Many of the people that occupy the icu are only there

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Many of the people that occupy the ICU are only there for monitoring and do not need the ICU resources and many have less than a 2% mortality risk. It was also studied that more than half of ICU (53.6) had four or more beds available more than half the time (Ward and Chong, 2015). According to these numbers expanding the ICU at United General might indeed be wasteful. It appears as though ICUs are increasingly providing care to patients who are likely at the end of their lives or have acute illness that does not require care by an intensivist. Both groups, could possibly be cared for by other patient units at a lower cost (Ward and Chong, 2015).
Current Vs. Future State
ICU Monitoring Impact Staffing: An excess of ICU beds requires additional staffing of nurses and physicians. Subscribing to an ICU monitoring model would reduce the strain on nursing and physician staff by having hourly virtual rounds. Having a 10 to one ratio also alleviates the workload for the bedside staff. Becky Walters indicated there was increased collaboration using the ICU monitoring solution. This will help increase efficiency of the staff as well as increase their knowledge. Productivity: Implementing the use of ICU monitoring as stated by Becky Walters has the opportunity to increase the number of patients under care. Using ICU monitoring reduces the number of errors. With 96% of patients and 80% of staff from an outside hospital stating that care quality is increased with the help of ICU monitoring show its effect on productivity.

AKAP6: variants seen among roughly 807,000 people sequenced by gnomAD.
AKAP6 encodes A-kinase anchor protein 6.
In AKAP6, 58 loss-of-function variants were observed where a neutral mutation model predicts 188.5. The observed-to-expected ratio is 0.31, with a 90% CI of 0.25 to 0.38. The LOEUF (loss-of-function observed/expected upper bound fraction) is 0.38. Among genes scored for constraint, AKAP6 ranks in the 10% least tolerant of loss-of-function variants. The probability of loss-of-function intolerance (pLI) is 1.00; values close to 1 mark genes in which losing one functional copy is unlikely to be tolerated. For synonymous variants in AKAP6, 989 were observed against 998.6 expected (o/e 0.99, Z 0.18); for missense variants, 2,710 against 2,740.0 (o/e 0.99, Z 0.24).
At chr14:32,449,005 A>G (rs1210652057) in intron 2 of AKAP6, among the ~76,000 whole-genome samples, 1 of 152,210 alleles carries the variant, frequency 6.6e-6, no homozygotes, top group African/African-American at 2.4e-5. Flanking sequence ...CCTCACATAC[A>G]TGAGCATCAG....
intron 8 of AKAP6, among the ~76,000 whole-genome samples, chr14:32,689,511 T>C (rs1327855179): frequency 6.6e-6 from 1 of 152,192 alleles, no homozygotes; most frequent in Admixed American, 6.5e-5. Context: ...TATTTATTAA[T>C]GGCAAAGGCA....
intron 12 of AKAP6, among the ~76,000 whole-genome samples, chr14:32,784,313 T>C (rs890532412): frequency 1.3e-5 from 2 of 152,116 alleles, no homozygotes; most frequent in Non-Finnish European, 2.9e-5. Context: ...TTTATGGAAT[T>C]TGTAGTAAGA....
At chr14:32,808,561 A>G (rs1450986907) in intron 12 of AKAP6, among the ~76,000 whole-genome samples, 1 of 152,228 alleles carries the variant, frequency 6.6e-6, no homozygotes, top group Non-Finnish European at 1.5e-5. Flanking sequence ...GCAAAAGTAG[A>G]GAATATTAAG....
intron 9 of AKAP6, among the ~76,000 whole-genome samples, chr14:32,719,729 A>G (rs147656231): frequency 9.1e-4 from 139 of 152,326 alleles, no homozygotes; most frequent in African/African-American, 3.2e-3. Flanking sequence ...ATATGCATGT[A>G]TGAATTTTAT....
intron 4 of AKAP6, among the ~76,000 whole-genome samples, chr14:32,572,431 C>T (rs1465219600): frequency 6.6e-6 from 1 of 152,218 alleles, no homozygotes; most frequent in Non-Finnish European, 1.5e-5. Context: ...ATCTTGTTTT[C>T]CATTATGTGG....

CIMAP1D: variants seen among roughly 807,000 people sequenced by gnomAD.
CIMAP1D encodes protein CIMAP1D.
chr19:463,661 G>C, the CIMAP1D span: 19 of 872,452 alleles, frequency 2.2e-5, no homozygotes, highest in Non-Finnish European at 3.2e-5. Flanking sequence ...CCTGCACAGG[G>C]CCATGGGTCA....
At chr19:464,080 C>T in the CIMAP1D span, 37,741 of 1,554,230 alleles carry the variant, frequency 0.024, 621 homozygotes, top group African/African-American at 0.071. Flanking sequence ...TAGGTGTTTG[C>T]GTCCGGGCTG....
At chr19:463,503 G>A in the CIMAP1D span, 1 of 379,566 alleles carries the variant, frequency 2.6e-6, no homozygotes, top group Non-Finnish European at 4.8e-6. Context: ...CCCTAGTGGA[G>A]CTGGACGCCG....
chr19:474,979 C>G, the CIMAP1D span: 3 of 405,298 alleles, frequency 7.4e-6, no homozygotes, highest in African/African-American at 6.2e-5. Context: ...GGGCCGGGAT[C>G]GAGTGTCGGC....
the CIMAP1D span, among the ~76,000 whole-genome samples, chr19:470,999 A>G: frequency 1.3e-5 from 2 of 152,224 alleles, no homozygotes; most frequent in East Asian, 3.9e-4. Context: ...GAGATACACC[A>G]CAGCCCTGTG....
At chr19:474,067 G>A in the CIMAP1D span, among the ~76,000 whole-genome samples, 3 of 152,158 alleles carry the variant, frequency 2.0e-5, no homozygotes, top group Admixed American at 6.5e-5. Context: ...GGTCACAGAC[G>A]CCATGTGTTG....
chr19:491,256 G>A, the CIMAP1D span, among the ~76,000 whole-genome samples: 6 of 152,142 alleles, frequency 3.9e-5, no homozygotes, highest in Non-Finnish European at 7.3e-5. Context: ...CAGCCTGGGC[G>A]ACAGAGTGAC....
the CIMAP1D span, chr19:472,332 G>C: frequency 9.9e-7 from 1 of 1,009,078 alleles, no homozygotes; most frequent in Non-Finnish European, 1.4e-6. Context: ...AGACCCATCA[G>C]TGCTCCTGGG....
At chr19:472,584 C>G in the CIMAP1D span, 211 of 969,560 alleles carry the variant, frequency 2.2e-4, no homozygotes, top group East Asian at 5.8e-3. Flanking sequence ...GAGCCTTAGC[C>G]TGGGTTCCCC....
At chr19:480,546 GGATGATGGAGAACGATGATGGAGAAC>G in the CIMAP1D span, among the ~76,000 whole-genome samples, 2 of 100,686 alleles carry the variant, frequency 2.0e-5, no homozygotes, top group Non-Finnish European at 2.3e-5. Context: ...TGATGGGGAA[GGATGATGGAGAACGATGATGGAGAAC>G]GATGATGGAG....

ICU Monitoring Impact Competitiveness: ICU monitoring boost competitiveness because it provides 24/7 monitoring, the scope, reach, and availability of an intensivist specialty expertise Groves, Holcomb, and Smith, 2008). This on demand type of care is ideal for patient quality thus making United General a sought after place of care. The traditional physician, nurse, and patient relationship is substantially augmented when there is an ICU physician immediately available to address issues in patient care, particularly at night when physicians are less likely to be present at the bedside and with decreased mortality rate and improved outcomes United General will be a top competitor (Groves et al., 2008). Finance: ICU monitoring has been attributed to a 30% reduction in length of stay which has attributed to savings over $4,000. With a reduction in length of stay means more patients can be seen. This creates an increase in hospital revenue.
Summarized Evidence The evidence used for recommendation was based on the finances the organization can save with ICU monitoring. ICU monitoring can save on average around $4, 000 per month per patient. In addition not expanding the ICU can save money for the organization as well. As stated leaders are quick too jump the gun and automatically want to expand the ICU because of the capacity. The evidence suggest that this is not always the case and leaders should look at additional options such as alternative levels of care.
Why Evidence Matters

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